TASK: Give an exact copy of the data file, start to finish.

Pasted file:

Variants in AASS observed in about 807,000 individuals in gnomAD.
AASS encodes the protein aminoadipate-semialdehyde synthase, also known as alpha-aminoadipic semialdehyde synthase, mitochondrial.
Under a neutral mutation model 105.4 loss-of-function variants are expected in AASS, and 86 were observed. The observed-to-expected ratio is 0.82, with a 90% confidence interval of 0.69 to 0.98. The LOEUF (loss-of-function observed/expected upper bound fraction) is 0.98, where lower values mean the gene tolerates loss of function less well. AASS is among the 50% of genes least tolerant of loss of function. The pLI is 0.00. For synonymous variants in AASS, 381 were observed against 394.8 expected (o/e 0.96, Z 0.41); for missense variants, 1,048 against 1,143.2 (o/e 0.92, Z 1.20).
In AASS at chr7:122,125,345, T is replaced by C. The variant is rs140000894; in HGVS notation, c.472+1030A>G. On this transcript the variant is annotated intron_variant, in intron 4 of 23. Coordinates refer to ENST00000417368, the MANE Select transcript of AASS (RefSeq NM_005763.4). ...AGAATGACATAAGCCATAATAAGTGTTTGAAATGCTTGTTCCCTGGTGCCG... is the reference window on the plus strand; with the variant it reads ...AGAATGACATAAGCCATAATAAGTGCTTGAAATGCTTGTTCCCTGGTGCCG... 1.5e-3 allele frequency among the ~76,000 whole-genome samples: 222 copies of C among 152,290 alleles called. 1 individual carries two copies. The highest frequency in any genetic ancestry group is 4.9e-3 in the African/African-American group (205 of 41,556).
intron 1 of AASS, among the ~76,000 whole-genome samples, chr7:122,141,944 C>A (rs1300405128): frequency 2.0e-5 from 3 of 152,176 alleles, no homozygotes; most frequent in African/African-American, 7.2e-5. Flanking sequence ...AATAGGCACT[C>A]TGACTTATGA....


Variants in AASS observed in about 807,000 individuals in gnomAD.
AASS encodes the protein aminoadipate-semialdehyde synthase, also known as alpha-aminoadipic semialdehyde synthase, mitochondrial.
Under a neutral mutation model 105.4 loss-of-function variants are expected in AASS, and 86 were observed. The observed-to-expected ratio is 0.82, with a 90% confidence interval of 0.69 to 0.98. The LOEUF (loss-of-function observed/expected upper bound fraction) is 0.98, where lower values mean the gene tolerates loss of function less well. AASS is among the 50% of genes least tolerant of loss of function. The pLI is 0.00. For synonymous variants in AASS, 381 were observed against 394.8 expected (o/e 0.96, Z 0.41); for missense variants, 1,048 against 1,143.2 (o/e 0.92, Z 1.20).
In AASS at chr7:122,125,345, T is replaced by C. The variant is rs140000894; in HGVS notation, c.472+1030A>G. On this transcript the variant is annotated intron_variant, in intron 4 of 23. Coordinates refer to ENST00000417368, the MANE Select transcript of AASS (RefSeq NM_005763.4). ...AGAATGACATAAGCCATAATAAGTGTTTGAAATGCTTGTTCCCTGGTGCCG... is the reference window on the plus strand; with the variant it reads ...AGAATGACATAAGCCATAATAAGTGCTTGAAATGCTTGTTCCCTGGTGCCG... 1.5e-3 allele frequency among the ~76,000 whole-genome samples: 222 copies of C among 152,290 alleles called. 1 individual carries two copies. The highest frequency in any genetic ancestry group is 4.9e-3 in the African/African-American group (205 of 41,556).
intron 1 of AASS, among the ~76,000 whole-genome samples, chr7:122,141,944 C>A (rs1300405128): frequency 2.0e-5 from 3 of 152,176 alleles, no homozygotes; most frequent in African/African-American, 7.2e-5. Flanking sequence ...AATAGGCACT[C>A]TGACTTATGA....